Usually, low water pressures in your home aren’t related to the City’s water system. So, when you’re experiencing a decrease in water pressure at your property, the issue is typically within your plumbing system. Leaks in a house’s water pipes will cause the water pressure to drop, leading to other problems with the plumbing.
If you have low water pressure in your home, please inspect your water system before calling the City for assistance.
What are the effects of leaks?
A water leak will reduce the amount of water in the pipes, dropping the water pressure. Of course, it is a relation between size of the leak and water pressure. However, even small leaks will reduce water pressure. In case of multiple smaller leaks, the water pressure will drop dramatically.
To restore your plumbing’s previous water pressure it’s necessary to find and fix the leaks.
Check your water meter
The most of residential water meters are located in the front sidewalk. The first step is to check your water meter for movement.
Look at the top of the meter. You’ll notice a triangle called a flow indicator. The red triangle (flow indicator) will move whenever water is passing through it. If your meter doesn’t have a flow indicator, you can use the sweep hand on the register to indicate water loss.
You can use a trick with the water meter to see if a leak in your plumbing exists.
Turn off all of the faucets in your house and shut off the automatic sprinklers. Write down the number on the water meter outside of your house and leave for at least two house. When you come back, note the number on the water meter. If the number is higher than when you left, your water pipes are leaking.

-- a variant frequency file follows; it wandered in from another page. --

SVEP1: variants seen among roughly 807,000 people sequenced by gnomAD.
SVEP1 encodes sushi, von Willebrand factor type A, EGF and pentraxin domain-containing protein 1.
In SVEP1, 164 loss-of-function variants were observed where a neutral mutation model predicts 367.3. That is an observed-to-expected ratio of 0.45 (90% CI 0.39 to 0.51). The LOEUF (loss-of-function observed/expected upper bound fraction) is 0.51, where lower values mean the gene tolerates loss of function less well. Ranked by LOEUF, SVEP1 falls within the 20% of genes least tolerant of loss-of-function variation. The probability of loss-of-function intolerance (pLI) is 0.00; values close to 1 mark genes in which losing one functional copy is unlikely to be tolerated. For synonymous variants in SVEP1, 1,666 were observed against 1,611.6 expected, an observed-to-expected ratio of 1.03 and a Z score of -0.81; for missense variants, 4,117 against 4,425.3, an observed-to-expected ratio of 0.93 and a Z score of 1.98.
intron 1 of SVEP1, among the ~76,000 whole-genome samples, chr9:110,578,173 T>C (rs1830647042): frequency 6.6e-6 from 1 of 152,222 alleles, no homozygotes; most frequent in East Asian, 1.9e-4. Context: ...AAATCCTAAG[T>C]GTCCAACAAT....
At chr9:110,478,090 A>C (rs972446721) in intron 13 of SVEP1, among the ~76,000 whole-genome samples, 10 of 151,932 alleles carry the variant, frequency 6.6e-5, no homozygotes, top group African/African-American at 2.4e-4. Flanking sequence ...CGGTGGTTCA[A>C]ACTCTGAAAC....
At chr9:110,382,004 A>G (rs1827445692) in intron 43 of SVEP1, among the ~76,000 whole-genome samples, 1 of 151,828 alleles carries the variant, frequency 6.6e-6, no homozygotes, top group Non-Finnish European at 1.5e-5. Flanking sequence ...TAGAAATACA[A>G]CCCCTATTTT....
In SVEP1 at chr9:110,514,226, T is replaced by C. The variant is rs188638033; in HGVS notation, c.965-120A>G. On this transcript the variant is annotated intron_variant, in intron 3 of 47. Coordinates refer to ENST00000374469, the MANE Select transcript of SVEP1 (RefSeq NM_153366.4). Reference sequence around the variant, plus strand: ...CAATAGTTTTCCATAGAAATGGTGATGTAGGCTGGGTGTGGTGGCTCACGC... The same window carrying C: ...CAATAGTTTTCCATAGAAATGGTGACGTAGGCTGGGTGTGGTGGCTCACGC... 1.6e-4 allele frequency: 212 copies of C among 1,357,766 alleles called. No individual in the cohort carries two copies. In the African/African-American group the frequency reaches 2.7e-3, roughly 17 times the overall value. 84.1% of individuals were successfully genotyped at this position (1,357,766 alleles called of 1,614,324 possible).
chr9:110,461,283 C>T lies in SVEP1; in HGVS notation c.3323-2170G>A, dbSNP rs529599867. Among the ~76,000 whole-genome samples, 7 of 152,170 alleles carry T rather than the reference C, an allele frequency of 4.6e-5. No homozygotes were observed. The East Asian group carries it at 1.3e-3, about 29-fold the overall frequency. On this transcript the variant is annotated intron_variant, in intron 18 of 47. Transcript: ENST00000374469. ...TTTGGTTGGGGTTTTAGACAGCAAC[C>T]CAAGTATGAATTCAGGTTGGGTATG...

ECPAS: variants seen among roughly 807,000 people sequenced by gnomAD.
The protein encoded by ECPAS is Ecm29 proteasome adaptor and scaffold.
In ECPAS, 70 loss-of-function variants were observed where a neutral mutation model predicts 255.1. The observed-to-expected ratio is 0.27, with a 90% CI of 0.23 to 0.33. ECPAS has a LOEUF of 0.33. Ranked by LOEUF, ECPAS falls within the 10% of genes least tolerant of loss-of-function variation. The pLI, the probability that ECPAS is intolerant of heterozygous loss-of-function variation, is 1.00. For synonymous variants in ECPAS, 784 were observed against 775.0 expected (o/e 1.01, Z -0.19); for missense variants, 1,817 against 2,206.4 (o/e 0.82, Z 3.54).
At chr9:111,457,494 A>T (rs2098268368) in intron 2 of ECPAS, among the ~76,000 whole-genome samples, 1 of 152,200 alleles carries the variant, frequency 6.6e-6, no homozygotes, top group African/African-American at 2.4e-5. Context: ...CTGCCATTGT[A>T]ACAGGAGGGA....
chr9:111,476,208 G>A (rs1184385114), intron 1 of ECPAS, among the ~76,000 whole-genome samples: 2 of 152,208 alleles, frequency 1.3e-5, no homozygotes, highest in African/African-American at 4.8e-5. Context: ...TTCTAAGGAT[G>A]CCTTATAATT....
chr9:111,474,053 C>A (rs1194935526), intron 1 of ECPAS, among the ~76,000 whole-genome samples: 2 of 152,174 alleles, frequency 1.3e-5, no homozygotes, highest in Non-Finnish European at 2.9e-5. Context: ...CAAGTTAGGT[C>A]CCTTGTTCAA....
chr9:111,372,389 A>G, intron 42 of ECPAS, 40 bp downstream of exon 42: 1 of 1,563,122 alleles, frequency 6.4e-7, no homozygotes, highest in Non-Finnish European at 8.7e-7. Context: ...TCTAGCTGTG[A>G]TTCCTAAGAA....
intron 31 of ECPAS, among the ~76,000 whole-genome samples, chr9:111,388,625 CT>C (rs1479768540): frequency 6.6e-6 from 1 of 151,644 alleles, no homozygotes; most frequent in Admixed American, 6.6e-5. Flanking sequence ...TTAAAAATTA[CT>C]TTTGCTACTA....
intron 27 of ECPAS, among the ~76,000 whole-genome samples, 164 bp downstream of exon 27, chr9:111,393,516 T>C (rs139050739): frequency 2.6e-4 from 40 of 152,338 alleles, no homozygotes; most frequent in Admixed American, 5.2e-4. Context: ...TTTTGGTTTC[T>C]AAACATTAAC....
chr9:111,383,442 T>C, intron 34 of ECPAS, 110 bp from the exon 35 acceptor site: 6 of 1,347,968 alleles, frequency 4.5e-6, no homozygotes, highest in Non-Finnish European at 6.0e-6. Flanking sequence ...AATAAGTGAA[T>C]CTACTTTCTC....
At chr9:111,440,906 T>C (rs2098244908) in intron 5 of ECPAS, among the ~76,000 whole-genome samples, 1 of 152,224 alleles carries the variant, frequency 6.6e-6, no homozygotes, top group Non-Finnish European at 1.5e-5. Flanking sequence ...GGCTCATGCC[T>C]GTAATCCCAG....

Check all valves
Check that all valves on your water supply are wide open. This includes the valve where the water service enters the house as well as the curb stop valve at the property line. These shut off valves are actually supposed to be open all the way.
Check your toilets
One of the most common causes of leaks is toilets. They are very easy to fix. Usually, replacing worn rubber toilet flappers usually corrects the problem.
To test for a toilet leak, place a drop of food coloring in the toilet tank. If the color shows up in the bowl within 5 minutes without flushing, you have a leak.
Check your irrigation system
Shut off the anti-siphon valve that serves your sprinkler system. Check the red flow-indicator triangle at the water meter. If the flow indicator stopped moving, the sprinkler system is the problem.
Check your water softener, swamp coolers, water cooler air conditioners, and ice machines
Most softeners have a bypass lever. Turn the lever to allow water to bypass the softener. Check the red flow-indicator triangle at the meter. If the triangle is no longer moving, you have isolated the leak to your softener. Do the same with swamp coolers, water cooler air conditioners, and ice machines.
Check your swimming pool
First turn off the automatic fill valve and place a bucket on a step where the bucket rim is at least a few inches above the water line.
Then place a heavy weight in the bucket and add water until the water level inside the bucket is equal with the water level in the pool.
Leave the bucket and pool undisturbed for several hot days, and then compare the water level in the bucket to the water level in the pool. If the water level in the bucket is noticeably higher than the water level in the pool, you may be losing water to a leak.
Finding the source of leak
Once you have determined that at least one water leak is causing the low water pressure in your house, you must locate the water leak.
Look for obvious signs of water leaks, such as a wet spots on ceilings or on walls. Don’t forget: Leaking water in a house will cause a floor to become spongy and bow as the water damages the house’s structure, including the floor joists. Water leaks will also promote the growth of mold or mildew.
However, just because you see an area of water damage does not necessarily mean the leak sits directly above.
You must track down the source of the leak, to find the leaking water pipe.
A leak certainly will cause water pressure reduction and you might also notice your water bill has increased.
If there is a water pressure issue then you make sure not to ignore it. A lot of people simply do nothing and then they have complete blockage or worse they have a flood in their home.
For the moment a reduced water pressure is not an emergency but it could be the sign of a larger problem.